It’s true that a handful of terrorists with outsized rage have and can inflict horrible terror on innocents. It’s also true that take-no-prisoners, spare-no-one-in-the-way approach immortalized in all its deadly valor by famous American generals, --Curtis Le May is perhaps the most egregious example—but it’s a tradition that goes back at least to the time of General Sherman and up to General Westmoreland, if not more recently in the US occupation of Iraq.

Obama opines that a handful of bad men can murder innocents due to modern technology. This has been true for a long time. Robert MacNamara, a wartime Secretary of Defense in a position to understand such things, admitted that Le May, and a handful of technocrats and yes-men around him, single-handedly ordered the murder of 100,000 Tokyo civilians in a single evening by ordering B-29s to fly low and light the city on fire.

Forget the Crusades. What about Hiroshima and Nagasaki?

These two cities, rebuilt from almost total, almost instantaneous destruction, extended invitations that were demurely snubbed by Obama during his recent lackluster Asian junket. Apparently he’s not in the mood to think too hard about peace these days.

The US Commander-in-Chief chides nations for pursuing nuclear weapons, something his nation possesses in spades, and he chillingly speaks, with the power of a terror-inflicting arsenal at his command, of “accountability” for others. And just who is America accountable to?

The arrogant unilateralism of the Bush years rolls on.

Still, one must credit Obama for being at least being self-aware, especially in contrast to the equally narcissistic but considerably more ham-fisted Bush, his predecessor as White House resident decider-in-chief.

Obama is, after all, nothing, if not self-invented, nothing, if not deeply reflective, which is what makes him such a charming writer. He wants to please you, the reader, like a slightly mischievous school-kid who craves teacher’s approval. He wants so badly to be liked, that he’s apt to say very different things to very different people.

His books and school-boyish charm had much to do with his rapid rise as Democratic Party darling. On the one hand, he adopts the “aw shucks” modesty of a man who is not sure he deserves such a prize, knowing full well that being seen as a man of peace conflicts with his day job.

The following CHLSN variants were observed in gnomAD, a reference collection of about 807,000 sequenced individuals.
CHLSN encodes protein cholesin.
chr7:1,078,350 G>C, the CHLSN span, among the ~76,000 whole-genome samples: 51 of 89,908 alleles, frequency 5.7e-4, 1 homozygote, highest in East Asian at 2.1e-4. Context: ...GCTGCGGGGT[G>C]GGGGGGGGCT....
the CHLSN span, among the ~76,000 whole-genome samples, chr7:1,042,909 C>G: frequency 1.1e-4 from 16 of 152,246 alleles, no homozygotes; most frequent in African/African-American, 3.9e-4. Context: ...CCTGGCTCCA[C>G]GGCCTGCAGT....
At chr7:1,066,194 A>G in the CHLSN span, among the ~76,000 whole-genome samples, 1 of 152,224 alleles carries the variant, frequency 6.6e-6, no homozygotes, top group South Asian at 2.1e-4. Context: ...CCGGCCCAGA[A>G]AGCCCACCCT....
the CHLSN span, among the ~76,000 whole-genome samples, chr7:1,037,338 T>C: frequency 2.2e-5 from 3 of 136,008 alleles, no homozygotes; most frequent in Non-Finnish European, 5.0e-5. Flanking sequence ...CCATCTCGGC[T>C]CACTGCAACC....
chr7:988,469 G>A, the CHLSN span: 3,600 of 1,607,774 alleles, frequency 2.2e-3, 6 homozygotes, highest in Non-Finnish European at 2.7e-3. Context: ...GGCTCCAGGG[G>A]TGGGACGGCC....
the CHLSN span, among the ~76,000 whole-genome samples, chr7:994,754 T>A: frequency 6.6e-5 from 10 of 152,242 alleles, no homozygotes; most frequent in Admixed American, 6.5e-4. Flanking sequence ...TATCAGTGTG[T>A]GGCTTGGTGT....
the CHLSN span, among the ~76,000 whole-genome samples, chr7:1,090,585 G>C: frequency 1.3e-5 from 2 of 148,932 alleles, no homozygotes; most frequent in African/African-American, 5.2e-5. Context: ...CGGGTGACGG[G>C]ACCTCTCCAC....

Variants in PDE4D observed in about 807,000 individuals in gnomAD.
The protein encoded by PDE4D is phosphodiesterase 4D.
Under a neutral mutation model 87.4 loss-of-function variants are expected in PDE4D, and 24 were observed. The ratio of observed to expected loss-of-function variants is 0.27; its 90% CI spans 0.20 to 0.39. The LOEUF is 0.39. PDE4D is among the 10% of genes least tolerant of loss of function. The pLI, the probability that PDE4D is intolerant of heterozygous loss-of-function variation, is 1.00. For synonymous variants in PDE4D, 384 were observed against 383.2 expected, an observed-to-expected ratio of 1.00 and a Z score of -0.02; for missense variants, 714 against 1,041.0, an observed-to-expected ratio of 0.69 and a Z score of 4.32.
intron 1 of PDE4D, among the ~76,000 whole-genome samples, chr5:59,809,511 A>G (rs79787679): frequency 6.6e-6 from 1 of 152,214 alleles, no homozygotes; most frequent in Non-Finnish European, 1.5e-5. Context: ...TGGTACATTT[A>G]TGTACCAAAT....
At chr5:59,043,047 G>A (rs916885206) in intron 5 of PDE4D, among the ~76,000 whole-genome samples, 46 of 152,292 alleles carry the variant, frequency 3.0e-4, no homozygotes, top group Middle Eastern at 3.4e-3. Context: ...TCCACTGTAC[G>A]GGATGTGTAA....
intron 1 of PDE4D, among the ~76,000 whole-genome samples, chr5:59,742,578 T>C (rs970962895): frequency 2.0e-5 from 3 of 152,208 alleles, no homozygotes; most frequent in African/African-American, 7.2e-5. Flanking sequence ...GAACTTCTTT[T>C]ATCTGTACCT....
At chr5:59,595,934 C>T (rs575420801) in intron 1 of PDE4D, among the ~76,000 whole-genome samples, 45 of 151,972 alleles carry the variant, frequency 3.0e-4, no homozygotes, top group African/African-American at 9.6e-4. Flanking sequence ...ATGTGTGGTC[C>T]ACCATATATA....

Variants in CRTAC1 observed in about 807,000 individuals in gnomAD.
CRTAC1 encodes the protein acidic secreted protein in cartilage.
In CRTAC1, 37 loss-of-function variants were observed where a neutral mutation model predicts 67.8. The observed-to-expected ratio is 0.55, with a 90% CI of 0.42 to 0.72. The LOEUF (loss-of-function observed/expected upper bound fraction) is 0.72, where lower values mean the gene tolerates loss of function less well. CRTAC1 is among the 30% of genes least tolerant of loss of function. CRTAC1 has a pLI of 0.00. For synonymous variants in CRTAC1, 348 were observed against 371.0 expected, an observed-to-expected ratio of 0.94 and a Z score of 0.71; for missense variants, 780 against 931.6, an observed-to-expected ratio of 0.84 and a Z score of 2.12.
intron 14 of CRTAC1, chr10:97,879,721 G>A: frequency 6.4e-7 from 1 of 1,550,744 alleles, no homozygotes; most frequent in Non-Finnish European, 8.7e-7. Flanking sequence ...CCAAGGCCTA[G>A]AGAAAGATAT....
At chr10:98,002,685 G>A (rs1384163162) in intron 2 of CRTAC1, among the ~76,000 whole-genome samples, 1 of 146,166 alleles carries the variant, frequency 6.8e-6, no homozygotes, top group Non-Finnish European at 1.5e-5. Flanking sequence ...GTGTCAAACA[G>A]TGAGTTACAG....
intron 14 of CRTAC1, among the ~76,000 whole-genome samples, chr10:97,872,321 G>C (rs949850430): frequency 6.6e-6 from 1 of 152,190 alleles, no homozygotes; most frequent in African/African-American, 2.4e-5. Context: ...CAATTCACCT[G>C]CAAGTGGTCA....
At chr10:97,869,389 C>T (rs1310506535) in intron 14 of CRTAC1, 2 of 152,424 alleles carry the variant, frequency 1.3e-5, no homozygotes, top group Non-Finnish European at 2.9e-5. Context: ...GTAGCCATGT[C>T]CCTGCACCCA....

But he’s always been a bit arrogant under the cloak of self-deprecation. Before getting elected he intimated that his victory was our victory, remember “Yes We Can!” Once in power he has been quick to chide critics, mostly through his underlings and the now fraying fraternity of youthful net-savvy supporters, and of late has even been getting up front and personal, as his recent upbraiding of Congressman John Conyers Jr. suggests. Why are you demeaning me? That’s not part of the unspoken deal I thought we had. Being “liberal” means never having to criticize me.

Image management is central to the modern American presidency, why, there’s so much spin and spit and polish and hot air, it makes China’s clumsy, crusty leaders look almost genuine in comparison.

Obama sounds like a man still running for president, he declares war on the hitherto neglected Af-Pak region, but promises troop withdrawals that time nicely with a second bid for the presidency. Like a savvy pol, he knows on which side his bread is buttered, only Americans can elect him, so on this most international of all nights in Oslo, he plays not so much the immediate audience, as to the distant electorate.

He behaves as if he’s in debt to the Democratic Party and supporters who put their money where their mouth was, such as John Roos, Ambassador to Japan, whose previous political experience can be summed up as “generous contributor to the Obama campaign.”

It’s almost obligatory these days to describe the US president as “eloquent” even when he’s not, such as during his recent Asian junket which was much ado about nothing in word and deed.

But words can kill, and Barack Obama’s Nobel speech is a dangerous inasmuch as he’s devilishly good with language. His words serve as a green light to a new deadly war in Afghanistan and Pakistan. It’s not that he cried “fire” in a crowded movie theatre so much as he’s tossing lit matches --incendiary words in favor of violence-- into a tinderbox that threatens to send the world on fire, tumbling down a slope of greater chaos. He’s giving a thumbs up to dropping bombs down from above, putting more boots on the ground, in a war likely to lead to yet more war, all the while wrapping it up and casting it in the most glowing boilerplate rhetoric available.

In making his case for war, he employs, without apparent irony, emotive words such as love, peace, justice, and even the theologian’s “oughtness.” He pulls out all stops, and drops all pretense of modesty, speaking of his work “here on earth.”

He’s not just sounding Orwellian, he’s sounding alien and strange.

Earth calling Obama: Where’s the man you said you were?